Taliban council agrees to temporary cease-fire in Afghanistan, opening window to peace deal with US: report
Just over one month after President Trump said that the United States reopened peace talks with the Taliban during a surprise trip to Afghanistan, the Taliban council apparently agreed on Sunday to a temporary cease-fire nationwide that may provide a window to a future agreement.
Trump, who made his first trip to Afghanistan on Thanksgiving under a veil of secrecy for security reasons, told troops gathered at the Air Force base for Thanksgiving dinner that the Taliban “wants to make a deal very badly.” The surprise trip and comments were made three months after the president scuttled negotiations between Washington and the Taliban.
On Sunday, Taliban officials familiar with the negotiations told the Associated Press the Taliban shura, or ruling council, agreed to the temporary cease-fire, which may last for 10 days. The Taliban chief must approve the agreement but that is expected, the officials told the AP.
The officials spoke to the news agency on condition of anonymity because they were not authorized to talk to the media.
The temporary cease-fire came after members of the Taliban negotiating team met for a week with the ruling council before they agreed on the brief ceasefire. The negotiating team returned on Sunday to Qatar where they maintain their political office, according to the AP.
If a peace agreement can be reached during the 10-day window, it would allow Washington to bring home its troops from Afghanistan and end its 18-year military engagement there, America’s longest. The U.S. wants any deal to include a promise from the Taliban that Afghanistan would not be used as a base by terrorist groups. The U.S. currently has an estimated 12,000 troops in Afghanistan.
But in the year that the U.S. and the Taliban have been working to hammer out an agreement, direct negotiations with Afghans on both sides of the conflict have emerged as a key issue.
If a U.S.-Taliban peace deal is signed, negotiations between opposing sides in Afghanistan are expected to be held within to weeks to determine what the country will look like after the U.S. leaves and how big a role the Taliban will have, according to the AP.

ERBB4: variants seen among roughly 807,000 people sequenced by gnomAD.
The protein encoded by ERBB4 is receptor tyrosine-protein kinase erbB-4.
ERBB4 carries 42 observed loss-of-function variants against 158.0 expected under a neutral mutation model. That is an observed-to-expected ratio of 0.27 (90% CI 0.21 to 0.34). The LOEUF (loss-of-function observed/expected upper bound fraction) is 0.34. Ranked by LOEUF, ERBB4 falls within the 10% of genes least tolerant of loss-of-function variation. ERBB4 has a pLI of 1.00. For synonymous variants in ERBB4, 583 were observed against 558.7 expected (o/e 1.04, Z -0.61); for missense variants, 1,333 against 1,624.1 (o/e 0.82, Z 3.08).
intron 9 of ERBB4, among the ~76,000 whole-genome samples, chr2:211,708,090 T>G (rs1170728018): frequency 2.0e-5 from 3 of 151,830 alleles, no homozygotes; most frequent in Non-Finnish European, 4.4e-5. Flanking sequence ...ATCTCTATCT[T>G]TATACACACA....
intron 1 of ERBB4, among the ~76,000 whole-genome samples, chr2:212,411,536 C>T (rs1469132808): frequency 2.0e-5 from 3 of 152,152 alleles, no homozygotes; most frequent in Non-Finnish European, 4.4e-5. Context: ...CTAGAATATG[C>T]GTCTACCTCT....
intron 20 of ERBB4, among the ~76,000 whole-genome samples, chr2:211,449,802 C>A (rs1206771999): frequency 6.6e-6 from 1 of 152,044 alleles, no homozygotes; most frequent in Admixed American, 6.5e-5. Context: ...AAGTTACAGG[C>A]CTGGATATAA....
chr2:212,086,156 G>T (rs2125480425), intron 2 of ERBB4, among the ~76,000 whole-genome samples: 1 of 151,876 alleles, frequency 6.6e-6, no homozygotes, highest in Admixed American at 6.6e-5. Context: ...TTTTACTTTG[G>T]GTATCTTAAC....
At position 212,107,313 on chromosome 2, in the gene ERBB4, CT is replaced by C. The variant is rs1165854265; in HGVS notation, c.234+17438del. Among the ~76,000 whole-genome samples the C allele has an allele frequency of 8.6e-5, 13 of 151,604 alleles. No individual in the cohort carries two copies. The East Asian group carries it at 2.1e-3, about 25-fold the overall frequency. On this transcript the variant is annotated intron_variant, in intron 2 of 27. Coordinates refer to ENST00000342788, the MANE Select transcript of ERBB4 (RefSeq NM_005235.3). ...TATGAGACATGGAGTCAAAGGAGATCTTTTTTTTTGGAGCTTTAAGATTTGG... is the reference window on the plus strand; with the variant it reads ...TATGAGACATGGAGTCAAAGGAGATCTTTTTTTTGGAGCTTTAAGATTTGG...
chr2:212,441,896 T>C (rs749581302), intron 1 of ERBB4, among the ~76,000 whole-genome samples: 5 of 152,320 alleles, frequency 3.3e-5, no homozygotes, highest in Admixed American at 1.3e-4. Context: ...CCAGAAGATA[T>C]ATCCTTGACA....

Those negotiations are reported to cover a wide range of subjects, such as the rights of women, free speech and the fate of the tens of thousands of Taliban fighters, as well as the heavily armed militias belonging to Afghanistan’s warlords who have amassed wealth and power since the Taliban’s ouster.
The Taliban have previously refused all offers of a ceasefire by the Afghan government, except for a three-day truce in June 2018 over the Eid al-Fitr holiday.
The reported cease-fire agreement comes after a Taliban attack in northern Afghanistan killed at least 17 local militiamen on Saturday and nearly a week after an American soldier was killed.
Jawad Hajri, a spokesman for the governor of Takhar province, told the AP the attack in the province targeted a local militia commander who escaped unharmed.
On Monday, Sgt. 1st Class Michael Goble of Washington Township, N.J. was killed in combat in the northern Kunduz province. The Taliban claimed they were behind a fatal roadside bombing that targeted American and Afghan forces in Kunduz. The following day, a Taliban attack on a checkpoint killed at least seven Afghan army soldiers in the northern Balkh province.
Another six Afghan troops were killed in the same province Thursday in an attack on an army base. At least 10 Afghan soldiers were killed Friday in a complex attack on a checkpoint in the southern Helmand province.
The Taliban frequently target Afghan and U.S. forces, as well as government officials. But scores of Afghan civilians are also killed in the crossfire or by roadside bombs planted by militants.
Fox News’ Brooke Singman, Andrew O’Reilly, Louis Casiano, Jenny Buchholz, and the Associated Press contributed to this report.